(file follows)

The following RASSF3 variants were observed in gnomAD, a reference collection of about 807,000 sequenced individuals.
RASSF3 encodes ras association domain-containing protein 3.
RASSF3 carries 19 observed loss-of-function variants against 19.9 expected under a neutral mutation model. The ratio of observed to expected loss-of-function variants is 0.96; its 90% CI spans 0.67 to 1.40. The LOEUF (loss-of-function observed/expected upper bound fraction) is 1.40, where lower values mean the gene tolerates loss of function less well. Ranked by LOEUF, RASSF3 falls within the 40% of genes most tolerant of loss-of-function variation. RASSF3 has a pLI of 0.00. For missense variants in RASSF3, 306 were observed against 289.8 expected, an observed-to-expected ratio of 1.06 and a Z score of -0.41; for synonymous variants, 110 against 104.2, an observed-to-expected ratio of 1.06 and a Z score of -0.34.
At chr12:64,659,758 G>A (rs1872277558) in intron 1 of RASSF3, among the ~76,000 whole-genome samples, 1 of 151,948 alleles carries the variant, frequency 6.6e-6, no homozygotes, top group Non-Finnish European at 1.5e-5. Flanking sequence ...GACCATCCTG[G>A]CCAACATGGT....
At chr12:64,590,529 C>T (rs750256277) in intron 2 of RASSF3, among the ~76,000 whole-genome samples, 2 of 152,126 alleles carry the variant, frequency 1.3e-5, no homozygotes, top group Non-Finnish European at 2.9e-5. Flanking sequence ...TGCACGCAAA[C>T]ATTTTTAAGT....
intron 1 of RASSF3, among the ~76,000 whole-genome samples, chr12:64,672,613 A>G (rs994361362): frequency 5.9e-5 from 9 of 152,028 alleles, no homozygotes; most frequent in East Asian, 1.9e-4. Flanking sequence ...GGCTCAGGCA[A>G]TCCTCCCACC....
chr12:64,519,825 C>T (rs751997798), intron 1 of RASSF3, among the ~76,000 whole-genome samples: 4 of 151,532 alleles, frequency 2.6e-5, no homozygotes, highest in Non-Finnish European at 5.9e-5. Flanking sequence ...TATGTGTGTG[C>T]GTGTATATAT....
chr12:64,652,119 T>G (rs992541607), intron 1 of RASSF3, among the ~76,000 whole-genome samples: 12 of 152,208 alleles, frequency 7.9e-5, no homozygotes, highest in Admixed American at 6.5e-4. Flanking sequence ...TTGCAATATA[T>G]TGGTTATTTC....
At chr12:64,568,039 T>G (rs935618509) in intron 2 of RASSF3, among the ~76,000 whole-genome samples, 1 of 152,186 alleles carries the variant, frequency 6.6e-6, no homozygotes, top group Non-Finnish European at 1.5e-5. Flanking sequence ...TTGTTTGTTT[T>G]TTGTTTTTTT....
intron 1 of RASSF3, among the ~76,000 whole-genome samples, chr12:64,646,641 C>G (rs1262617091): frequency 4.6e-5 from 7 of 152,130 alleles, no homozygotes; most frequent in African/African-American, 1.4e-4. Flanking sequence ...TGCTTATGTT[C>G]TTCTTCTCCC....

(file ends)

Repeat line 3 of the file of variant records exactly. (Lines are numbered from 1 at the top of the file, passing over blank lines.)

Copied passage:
RASSF3 carries 19 observed loss-of-function variants against 19.9 expected under a neutral mutation model. The ratio of observed to expected loss-of-function variants is 0.96; its 90% CI spans 0.67 to 1.40. The LOEUF (loss-of-function observed/expected upper bound fraction) is 1.40, where lower values mean the gene tolerates loss of function less well. Ranked by LOEUF, RASSF3 falls within the 40% of genes most tolerant of loss-of-function variation. RASSF3 has a pLI of 0.00. For missense variants in RASSF3, 306 were observed against 289.8 expected, an observed-to-expected ratio of 1.06 and a Z score of -0.41; for synonymous variants, 110 against 104.2, an observed-to-expected ratio of 1.06 and a Z score of -0.34.